Monday, I told y’all about taking a class under Cecil Murphey at the writers conference this past weekend. Hard to pass up an opportunity like that. He taught for about an hour, gave us an assignment for the 30 minute break, then had us read our dialogues for the next hour–Purgatory, he called it.
Much of what he taught I already knew, but I always pick up gold nuggets when I attend classes like this. Let me give you an overview:
- Dialogue is supposed to be believable, not realistic. If you’ve ever listened to two people chatting, most of what they say is punctuated with useless words–“well,” “like,” “you know,” and doesn’t often provide anything of importance. A “realistic” breakfast conversation, for instance, usually consists “pass the milk” and “did you sleep well” and a few other things particular to each individual’s routine, but nothing that would hold the reader’s attention for long.
- Dialogue, on the other hand, should never be purposeless. It provides information, creates tension, characterizes. Where is your dialogue going? What do you want your reader to understand about your character?
- It also one of the quickest scene-setting techniques around. Say your characters are going out to eat. “Whatcha havin’, hon?” is a whole lot different from “Do you have reservations?” That’s all that is really needed. Your reader’s imagination will supply the rest.
- Said, asked, answered, and replied are invisible tags. Anything else takes the emphasis away from what is said and puts it on how it is said. Sometimes you may want to do that, but it’s best to let what’s between the quotes carry the weight.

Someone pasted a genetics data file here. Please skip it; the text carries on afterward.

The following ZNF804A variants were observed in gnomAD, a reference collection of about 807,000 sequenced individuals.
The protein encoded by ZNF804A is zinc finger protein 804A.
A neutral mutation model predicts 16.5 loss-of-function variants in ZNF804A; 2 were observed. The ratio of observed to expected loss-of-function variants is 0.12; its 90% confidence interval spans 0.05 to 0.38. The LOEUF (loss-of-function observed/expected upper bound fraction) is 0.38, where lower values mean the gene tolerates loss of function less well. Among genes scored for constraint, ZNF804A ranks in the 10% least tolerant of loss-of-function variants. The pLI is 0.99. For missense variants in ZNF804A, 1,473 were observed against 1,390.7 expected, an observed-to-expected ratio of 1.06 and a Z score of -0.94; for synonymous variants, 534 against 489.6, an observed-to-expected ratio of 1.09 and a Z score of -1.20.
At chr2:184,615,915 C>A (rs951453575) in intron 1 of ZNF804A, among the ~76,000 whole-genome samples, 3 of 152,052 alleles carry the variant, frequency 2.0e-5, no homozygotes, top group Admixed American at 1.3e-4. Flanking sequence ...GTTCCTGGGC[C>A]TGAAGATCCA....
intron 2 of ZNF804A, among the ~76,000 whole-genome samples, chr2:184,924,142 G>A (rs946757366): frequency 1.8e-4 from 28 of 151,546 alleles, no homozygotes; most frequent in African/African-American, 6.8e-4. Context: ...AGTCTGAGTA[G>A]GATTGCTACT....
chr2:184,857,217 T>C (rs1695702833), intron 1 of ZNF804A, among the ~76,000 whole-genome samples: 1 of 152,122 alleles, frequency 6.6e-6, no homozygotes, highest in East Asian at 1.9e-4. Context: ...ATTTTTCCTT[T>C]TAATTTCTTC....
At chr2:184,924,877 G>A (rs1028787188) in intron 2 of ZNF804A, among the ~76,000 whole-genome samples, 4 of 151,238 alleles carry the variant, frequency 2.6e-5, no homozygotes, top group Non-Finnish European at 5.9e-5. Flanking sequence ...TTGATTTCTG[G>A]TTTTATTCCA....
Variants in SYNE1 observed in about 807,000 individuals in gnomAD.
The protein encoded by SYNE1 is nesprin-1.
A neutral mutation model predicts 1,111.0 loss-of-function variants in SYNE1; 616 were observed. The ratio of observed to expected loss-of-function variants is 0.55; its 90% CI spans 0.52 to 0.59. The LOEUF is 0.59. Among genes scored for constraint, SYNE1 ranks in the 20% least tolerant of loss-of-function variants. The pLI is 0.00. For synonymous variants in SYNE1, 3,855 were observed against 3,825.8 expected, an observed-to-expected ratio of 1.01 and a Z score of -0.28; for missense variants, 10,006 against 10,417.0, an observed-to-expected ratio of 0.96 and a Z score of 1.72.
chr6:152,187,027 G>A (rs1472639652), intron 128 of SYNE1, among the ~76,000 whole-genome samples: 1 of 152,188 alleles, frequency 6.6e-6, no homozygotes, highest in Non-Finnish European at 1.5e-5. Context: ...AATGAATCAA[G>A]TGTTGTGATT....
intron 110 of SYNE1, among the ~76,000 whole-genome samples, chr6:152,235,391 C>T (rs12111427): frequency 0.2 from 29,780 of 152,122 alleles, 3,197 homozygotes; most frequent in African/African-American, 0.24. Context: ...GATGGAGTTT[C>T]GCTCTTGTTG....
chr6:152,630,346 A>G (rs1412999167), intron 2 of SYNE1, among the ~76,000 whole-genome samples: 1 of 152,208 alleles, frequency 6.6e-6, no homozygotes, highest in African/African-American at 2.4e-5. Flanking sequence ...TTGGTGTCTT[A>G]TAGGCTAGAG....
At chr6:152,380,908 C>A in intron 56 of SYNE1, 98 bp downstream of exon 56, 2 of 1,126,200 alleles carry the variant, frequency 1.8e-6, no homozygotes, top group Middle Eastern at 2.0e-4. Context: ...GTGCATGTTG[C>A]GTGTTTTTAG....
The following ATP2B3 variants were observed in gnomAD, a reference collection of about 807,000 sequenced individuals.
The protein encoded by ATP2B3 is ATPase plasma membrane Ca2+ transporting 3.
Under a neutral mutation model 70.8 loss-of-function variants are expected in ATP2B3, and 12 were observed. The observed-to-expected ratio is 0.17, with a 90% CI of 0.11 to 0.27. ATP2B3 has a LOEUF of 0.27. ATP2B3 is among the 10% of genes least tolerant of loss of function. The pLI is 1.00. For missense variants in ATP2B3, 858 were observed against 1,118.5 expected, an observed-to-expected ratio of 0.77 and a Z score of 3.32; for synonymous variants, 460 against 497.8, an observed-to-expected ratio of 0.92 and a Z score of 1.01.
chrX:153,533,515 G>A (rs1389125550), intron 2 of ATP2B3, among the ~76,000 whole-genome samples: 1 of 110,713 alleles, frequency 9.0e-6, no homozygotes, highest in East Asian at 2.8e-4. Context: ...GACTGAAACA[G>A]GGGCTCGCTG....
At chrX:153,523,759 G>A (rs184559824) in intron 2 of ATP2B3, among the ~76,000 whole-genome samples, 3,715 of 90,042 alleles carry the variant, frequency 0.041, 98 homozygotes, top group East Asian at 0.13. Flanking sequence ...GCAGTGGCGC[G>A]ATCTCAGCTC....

- When the dialogue is between two people, having each call the other by name is unnecessary–and is a definite mark of a newbie writer.
In our assignment, we were to write about a woman who, after being born again, had to admit to her husband that she’d had an affair. We were to provide the “moment of truth” dialogue. None of us quite got what Cec was looking for–which makes sense, since none of us are mind readers. But in his quest to discover someone who had an inkling of what he wanted, he asked: “Are you giving information or opening your heart?”
By the time your character is revealing something about herself that’s going to rip her heart out, you don’t want to be just “giving information.” At this point, picture the scene in your head, seek authenticity in your dialogue’s progression. Build the tension. How is she going to approach the subject? How will he respond? What will she say after that? What will he say? What are the realistic emotions of someone baring her heart? Of someone receiving the bad news?
Finally Cecil walked us through what he wanted, and we came up with something like this:
“Hon, we have to talk.”
“Uh-oh, what did I do?”
“It’s not you this time, it’s me.” (note the “this time”–that characterizes their relationship.) “This is so hard. How can I tell you?”
“Just blurt it out. It can’t be that bad.”
That is about as far as we got, but can you imagine his reaction when he realizes it can be “that bad”? The line he delivers indicates that he can’t imagine his wife doing anything worse than dinging the car. He’s in for a big surprise. How is he going to react? The “this time” may provide her a sense of justification for doing what she did. Will she revert to it in self-righteousness? Or will she admit she’d been born again and felt obligated to confess her sin to him? How will he react to either? When she begs forgiveness–if she actually begs–how will he respond?
Cecil didn’t discuss action beats and dialogue tags, outside of what I provided above. His emphasis was on creating tension through dialogue, and those of us sitting at his feet aren’t likely to forget the Purgatory of our assignment and what we learned from it. Maybe after sharing some of it, you won’t either.